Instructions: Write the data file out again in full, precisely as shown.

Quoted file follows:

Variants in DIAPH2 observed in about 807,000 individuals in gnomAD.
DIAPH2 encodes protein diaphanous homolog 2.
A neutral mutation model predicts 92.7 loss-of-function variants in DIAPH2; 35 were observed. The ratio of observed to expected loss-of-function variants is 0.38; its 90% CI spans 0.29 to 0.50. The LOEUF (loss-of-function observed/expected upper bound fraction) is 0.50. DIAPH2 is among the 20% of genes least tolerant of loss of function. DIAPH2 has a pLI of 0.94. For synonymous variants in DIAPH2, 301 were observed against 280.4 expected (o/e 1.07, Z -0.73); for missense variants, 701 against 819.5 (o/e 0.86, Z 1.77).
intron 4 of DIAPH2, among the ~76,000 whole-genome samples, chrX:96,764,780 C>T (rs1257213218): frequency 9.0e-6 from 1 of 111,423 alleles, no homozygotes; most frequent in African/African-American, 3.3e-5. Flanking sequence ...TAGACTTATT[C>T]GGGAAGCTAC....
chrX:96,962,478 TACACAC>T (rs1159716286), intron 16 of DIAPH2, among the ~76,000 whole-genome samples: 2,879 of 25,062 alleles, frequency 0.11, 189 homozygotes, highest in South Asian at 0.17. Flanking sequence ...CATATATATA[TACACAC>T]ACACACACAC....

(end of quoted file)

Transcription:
Variants in DIAPH2 observed in about 807,000 individuals in gnomAD.
DIAPH2 encodes protein diaphanous homolog 2.
A neutral mutation model predicts 92.7 loss-of-function variants in DIAPH2; 35 were observed. The ratio of observed to expected loss-of-function variants is 0.38; its 90% CI spans 0.29 to 0.50. The LOEUF (loss-of-function observed/expected upper bound fraction) is 0.50. DIAPH2 is among the 20% of genes least tolerant of loss of function. DIAPH2 has a pLI of 0.94. For synonymous variants in DIAPH2, 301 were observed against 280.4 expected (o/e 1.07, Z -0.73); for missense variants, 701 against 819.5 (o/e 0.86, Z 1.77).
intron 4 of DIAPH2, among the ~76,000 whole-genome samples, chrX:96,764,780 C>T (rs1257213218): frequency 9.0e-6 from 1 of 111,423 alleles, no homozygotes; most frequent in African/African-American, 3.3e-5. Flanking sequence ...TAGACTTATT[C>T]GGGAAGCTAC....
chrX:96,962,478 TACACAC>T (rs1159716286), intron 16 of DIAPH2, among the ~76,000 whole-genome samples: 2,879 of 25,062 alleles, frequency 0.11, 189 homozygotes, highest in South Asian at 0.17. Flanking sequence ...CATATATATA[TACACAC>T]ACACACACAC....